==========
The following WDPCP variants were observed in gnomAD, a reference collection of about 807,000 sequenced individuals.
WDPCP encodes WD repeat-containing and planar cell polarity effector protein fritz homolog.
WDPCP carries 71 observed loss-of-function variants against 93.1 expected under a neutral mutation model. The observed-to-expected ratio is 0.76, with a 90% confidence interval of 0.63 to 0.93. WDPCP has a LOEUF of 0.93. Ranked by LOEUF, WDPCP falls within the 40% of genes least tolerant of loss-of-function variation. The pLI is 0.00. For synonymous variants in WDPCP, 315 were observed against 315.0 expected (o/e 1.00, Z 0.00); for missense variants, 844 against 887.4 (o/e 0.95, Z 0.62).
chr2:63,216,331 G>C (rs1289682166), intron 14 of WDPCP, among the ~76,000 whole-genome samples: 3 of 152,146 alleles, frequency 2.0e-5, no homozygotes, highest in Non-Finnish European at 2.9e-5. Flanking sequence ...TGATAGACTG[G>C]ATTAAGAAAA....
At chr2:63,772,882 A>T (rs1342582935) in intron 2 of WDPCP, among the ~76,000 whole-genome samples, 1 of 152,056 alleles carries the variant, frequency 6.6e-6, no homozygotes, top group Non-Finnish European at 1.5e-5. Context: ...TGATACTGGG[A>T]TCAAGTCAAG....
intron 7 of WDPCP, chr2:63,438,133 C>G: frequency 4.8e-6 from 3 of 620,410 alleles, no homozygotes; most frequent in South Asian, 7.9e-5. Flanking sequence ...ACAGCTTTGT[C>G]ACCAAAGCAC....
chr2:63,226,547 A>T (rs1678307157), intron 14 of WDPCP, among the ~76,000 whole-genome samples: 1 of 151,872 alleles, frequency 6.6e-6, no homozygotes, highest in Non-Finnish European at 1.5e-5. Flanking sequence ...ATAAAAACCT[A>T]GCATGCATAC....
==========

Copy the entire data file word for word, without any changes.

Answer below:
The following WDPCP variants were observed in gnomAD, a reference collection of about 807,000 sequenced individuals.
WDPCP encodes WD repeat-containing and planar cell polarity effector protein fritz homolog.
WDPCP carries 71 observed loss-of-function variants against 93.1 expected under a neutral mutation model. The observed-to-expected ratio is 0.76, with a 90% confidence interval of 0.63 to 0.93. WDPCP has a LOEUF of 0.93. Ranked by LOEUF, WDPCP falls within the 40% of genes least tolerant of loss-of-function variation. The pLI is 0.00. For synonymous variants in WDPCP, 315 were observed against 315.0 expected (o/e 1.00, Z 0.00); for missense variants, 844 against 887.4 (o/e 0.95, Z 0.62).
chr2:63,216,331 G>C (rs1289682166), intron 14 of WDPCP, among the ~76,000 whole-genome samples: 3 of 152,146 alleles, frequency 2.0e-5, no homozygotes, highest in Non-Finnish European at 2.9e-5. Flanking sequence ...TGATAGACTG[G>C]ATTAAGAAAA....
At chr2:63,772,882 A>T (rs1342582935) in intron 2 of WDPCP, among the ~76,000 whole-genome samples, 1 of 152,056 alleles carries the variant, frequency 6.6e-6, no homozygotes, top group Non-Finnish European at 1.5e-5. Context: ...TGATACTGGG[A>T]TCAAGTCAAG....
intron 7 of WDPCP, chr2:63,438,133 C>G: frequency 4.8e-6 from 3 of 620,410 alleles, no homozygotes; most frequent in South Asian, 7.9e-5. Flanking sequence ...ACAGCTTTGT[C>G]ACCAAAGCAC....
chr2:63,226,547 A>T (rs1678307157), intron 14 of WDPCP, among the ~76,000 whole-genome samples: 1 of 151,872 alleles, frequency 6.6e-6, no homozygotes, highest in Non-Finnish European at 1.5e-5. Flanking sequence ...ATAAAAACCT[A>T]GCATGCATAC....